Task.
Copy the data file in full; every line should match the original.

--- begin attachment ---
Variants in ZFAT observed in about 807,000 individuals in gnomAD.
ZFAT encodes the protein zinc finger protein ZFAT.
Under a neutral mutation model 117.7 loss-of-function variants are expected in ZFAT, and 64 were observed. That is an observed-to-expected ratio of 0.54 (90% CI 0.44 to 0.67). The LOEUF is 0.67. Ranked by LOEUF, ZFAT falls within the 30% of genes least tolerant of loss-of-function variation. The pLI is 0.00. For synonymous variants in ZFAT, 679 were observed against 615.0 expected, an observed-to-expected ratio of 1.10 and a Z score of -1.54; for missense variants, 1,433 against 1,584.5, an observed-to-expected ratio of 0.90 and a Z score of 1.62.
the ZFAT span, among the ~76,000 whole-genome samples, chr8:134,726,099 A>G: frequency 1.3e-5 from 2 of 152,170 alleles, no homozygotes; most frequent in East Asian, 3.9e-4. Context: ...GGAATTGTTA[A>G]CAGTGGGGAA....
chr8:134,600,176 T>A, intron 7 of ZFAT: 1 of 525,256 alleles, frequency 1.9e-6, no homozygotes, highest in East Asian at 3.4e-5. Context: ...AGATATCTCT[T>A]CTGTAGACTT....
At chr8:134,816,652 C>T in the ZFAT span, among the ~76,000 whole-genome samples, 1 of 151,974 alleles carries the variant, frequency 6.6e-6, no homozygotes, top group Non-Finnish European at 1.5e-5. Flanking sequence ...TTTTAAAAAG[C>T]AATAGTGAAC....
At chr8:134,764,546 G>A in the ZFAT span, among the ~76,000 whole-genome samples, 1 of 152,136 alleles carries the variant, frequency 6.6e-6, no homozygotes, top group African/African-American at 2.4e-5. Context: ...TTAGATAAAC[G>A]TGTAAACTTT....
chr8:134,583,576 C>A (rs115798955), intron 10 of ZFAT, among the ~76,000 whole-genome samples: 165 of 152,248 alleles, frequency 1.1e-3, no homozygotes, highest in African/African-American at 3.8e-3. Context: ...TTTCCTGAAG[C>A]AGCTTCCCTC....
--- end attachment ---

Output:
Variants in ZFAT observed in about 807,000 individuals in gnomAD.
ZFAT encodes the protein zinc finger protein ZFAT.
Under a neutral mutation model 117.7 loss-of-function variants are expected in ZFAT, and 64 were observed. That is an observed-to-expected ratio of 0.54 (90% CI 0.44 to 0.67). The LOEUF is 0.67. Ranked by LOEUF, ZFAT falls within the 30% of genes least tolerant of loss-of-function variation. The pLI is 0.00. For synonymous variants in ZFAT, 679 were observed against 615.0 expected, an observed-to-expected ratio of 1.10 and a Z score of -1.54; for missense variants, 1,433 against 1,584.5, an observed-to-expected ratio of 0.90 and a Z score of 1.62.
the ZFAT span, among the ~76,000 whole-genome samples, chr8:134,726,099 A>G: frequency 1.3e-5 from 2 of 152,170 alleles, no homozygotes; most frequent in East Asian, 3.9e-4. Context: ...GGAATTGTTA[A>G]CAGTGGGGAA....
chr8:134,600,176 T>A, intron 7 of ZFAT: 1 of 525,256 alleles, frequency 1.9e-6, no homozygotes, highest in East Asian at 3.4e-5. Context: ...AGATATCTCT[T>A]CTGTAGACTT....
At chr8:134,816,652 C>T in the ZFAT span, among the ~76,000 whole-genome samples, 1 of 151,974 alleles carries the variant, frequency 6.6e-6, no homozygotes, top group Non-Finnish European at 1.5e-5. Flanking sequence ...TTTTAAAAAG[C>T]AATAGTGAAC....
At chr8:134,764,546 G>A in the ZFAT span, among the ~76,000 whole-genome samples, 1 of 152,136 alleles carries the variant, frequency 6.6e-6, no homozygotes, top group African/African-American at 2.4e-5. Context: ...TTAGATAAAC[G>A]TGTAAACTTT....
chr8:134,583,576 C>A (rs115798955), intron 10 of ZFAT, among the ~76,000 whole-genome samples: 165 of 152,248 alleles, frequency 1.1e-3, no homozygotes, highest in African/African-American at 3.8e-3. Context: ...TTTCCTGAAG[C>A]AGCTTCCCTC....